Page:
The roster of African-American men whose death involving police activity keeps growing.
When does it stop? How do communities learn to deal with these crises? Have we reached a tipping point?
The latest man to die in police custody is a young fellow, Freddie Gray, whose spine was snapped while he was being held by Baltimore police.
And the outrage has begun. As it should.
How does someone get their spine broken by police? What in the world is happening when these officers arrest someone?
* Eric Garner was choked to death by a Staten Island police officer. A grand jury decided to no-bill the officer.
* Michael Brown was shot to death by a Ferguson, Mo., officer. A grand jury there decided against an indictment.
* Trayvon Martin was killed by a neighborhood security officer, who then was acquitted of murder in a Sanford, Fla., trial.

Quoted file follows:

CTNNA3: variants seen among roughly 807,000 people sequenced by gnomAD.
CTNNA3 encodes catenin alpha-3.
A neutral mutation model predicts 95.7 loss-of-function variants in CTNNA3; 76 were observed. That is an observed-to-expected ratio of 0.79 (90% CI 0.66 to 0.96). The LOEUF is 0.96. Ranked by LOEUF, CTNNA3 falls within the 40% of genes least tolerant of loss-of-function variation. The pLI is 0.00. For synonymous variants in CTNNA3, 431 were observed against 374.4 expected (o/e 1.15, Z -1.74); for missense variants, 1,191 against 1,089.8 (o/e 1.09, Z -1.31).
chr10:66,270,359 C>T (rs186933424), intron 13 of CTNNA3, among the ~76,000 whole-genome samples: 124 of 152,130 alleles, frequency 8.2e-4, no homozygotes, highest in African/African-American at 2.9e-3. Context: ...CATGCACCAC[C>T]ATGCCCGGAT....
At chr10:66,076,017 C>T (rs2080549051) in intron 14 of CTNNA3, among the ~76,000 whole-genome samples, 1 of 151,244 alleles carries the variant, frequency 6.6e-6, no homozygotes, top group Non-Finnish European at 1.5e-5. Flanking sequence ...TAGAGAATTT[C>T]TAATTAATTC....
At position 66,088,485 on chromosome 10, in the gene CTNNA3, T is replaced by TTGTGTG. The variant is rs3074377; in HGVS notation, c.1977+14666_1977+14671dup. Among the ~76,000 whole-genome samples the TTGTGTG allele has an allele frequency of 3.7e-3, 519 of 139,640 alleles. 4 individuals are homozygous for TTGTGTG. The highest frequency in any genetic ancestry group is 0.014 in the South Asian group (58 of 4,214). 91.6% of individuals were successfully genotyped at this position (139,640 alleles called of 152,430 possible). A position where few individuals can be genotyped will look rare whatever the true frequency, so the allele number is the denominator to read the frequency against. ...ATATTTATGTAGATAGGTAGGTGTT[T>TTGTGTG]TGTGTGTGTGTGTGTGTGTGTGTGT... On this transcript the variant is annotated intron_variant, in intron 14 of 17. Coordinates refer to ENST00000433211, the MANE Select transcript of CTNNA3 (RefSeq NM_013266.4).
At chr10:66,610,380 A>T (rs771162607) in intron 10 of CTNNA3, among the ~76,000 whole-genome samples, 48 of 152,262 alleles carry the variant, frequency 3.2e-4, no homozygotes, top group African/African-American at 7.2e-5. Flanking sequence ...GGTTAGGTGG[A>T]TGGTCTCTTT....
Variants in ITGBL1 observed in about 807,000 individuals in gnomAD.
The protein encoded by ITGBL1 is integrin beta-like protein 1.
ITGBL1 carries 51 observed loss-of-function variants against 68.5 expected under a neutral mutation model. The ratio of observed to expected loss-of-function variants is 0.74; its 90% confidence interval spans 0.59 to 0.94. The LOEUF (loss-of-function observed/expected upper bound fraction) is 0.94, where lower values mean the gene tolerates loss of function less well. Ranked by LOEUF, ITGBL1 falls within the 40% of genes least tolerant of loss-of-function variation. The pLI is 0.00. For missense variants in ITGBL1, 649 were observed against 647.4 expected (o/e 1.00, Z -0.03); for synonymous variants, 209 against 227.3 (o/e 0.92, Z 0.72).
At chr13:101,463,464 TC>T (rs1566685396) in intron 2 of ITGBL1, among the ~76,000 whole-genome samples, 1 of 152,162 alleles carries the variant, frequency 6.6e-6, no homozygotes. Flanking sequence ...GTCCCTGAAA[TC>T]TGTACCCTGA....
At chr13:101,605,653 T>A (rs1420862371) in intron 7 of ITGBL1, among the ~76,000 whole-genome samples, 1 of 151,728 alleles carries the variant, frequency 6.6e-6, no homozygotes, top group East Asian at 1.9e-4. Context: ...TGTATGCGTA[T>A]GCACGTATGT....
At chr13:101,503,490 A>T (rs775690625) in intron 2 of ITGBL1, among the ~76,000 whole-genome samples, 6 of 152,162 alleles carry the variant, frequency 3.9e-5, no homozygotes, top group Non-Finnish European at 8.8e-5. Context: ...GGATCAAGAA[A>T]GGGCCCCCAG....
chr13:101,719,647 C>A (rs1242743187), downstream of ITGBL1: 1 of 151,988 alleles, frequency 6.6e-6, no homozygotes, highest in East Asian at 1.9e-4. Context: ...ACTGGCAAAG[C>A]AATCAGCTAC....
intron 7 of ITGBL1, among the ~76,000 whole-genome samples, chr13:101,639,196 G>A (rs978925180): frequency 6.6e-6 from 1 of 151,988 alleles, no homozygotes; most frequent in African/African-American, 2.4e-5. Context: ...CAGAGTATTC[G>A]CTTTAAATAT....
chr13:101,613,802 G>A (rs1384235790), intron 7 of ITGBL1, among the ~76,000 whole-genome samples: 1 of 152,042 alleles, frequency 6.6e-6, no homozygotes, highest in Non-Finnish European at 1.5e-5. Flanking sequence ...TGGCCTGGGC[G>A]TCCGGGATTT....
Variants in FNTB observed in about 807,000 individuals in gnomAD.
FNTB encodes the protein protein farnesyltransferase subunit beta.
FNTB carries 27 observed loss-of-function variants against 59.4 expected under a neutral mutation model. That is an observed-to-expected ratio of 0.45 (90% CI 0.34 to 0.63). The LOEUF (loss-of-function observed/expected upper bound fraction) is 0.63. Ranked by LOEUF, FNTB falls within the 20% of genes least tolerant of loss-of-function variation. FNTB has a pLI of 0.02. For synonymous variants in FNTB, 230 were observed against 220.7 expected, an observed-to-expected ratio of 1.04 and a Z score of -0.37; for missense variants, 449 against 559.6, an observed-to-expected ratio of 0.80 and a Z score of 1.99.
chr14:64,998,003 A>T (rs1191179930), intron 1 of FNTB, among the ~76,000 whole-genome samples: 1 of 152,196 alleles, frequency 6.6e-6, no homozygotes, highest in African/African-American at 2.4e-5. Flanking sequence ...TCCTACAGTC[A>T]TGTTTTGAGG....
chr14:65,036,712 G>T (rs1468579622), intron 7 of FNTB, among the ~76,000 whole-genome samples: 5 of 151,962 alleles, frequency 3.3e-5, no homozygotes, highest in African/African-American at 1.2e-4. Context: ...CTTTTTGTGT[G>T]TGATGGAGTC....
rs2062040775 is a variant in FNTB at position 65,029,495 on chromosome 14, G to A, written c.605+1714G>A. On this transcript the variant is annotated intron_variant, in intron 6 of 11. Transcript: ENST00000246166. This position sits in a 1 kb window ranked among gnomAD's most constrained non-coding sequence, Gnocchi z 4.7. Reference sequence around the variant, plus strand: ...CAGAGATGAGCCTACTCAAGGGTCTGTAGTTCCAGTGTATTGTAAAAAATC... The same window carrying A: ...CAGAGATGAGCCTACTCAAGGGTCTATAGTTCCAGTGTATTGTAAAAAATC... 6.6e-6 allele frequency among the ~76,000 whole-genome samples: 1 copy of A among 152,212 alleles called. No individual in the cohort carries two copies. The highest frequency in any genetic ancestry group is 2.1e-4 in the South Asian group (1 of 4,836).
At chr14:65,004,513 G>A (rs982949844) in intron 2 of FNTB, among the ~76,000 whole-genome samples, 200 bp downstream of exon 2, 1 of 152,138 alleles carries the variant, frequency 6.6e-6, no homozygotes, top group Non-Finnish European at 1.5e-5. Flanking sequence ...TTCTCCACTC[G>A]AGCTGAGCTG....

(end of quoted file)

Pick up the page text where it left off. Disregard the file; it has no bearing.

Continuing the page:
* Walter Scott was shot to death in the back as he fled from a North Charleston, S.C., police officer, who’s now been charged with murder.
I am acutely aware that there are circumstances associated with some of these deaths, such as with Michael Brown’s conduct.
Still, we can add Freddie Gray to the list of individuals who’ve died because of police activity. And once again, parents, siblings and spouses of African-American men are going to express alarm that more men just like those who have died already will become victims of similar actions by police officers in their communities.
We’ve heard already about the need for a “national conversation” about police relations with African-American communities across the country.
Let’s keep having that conversation. Shall we?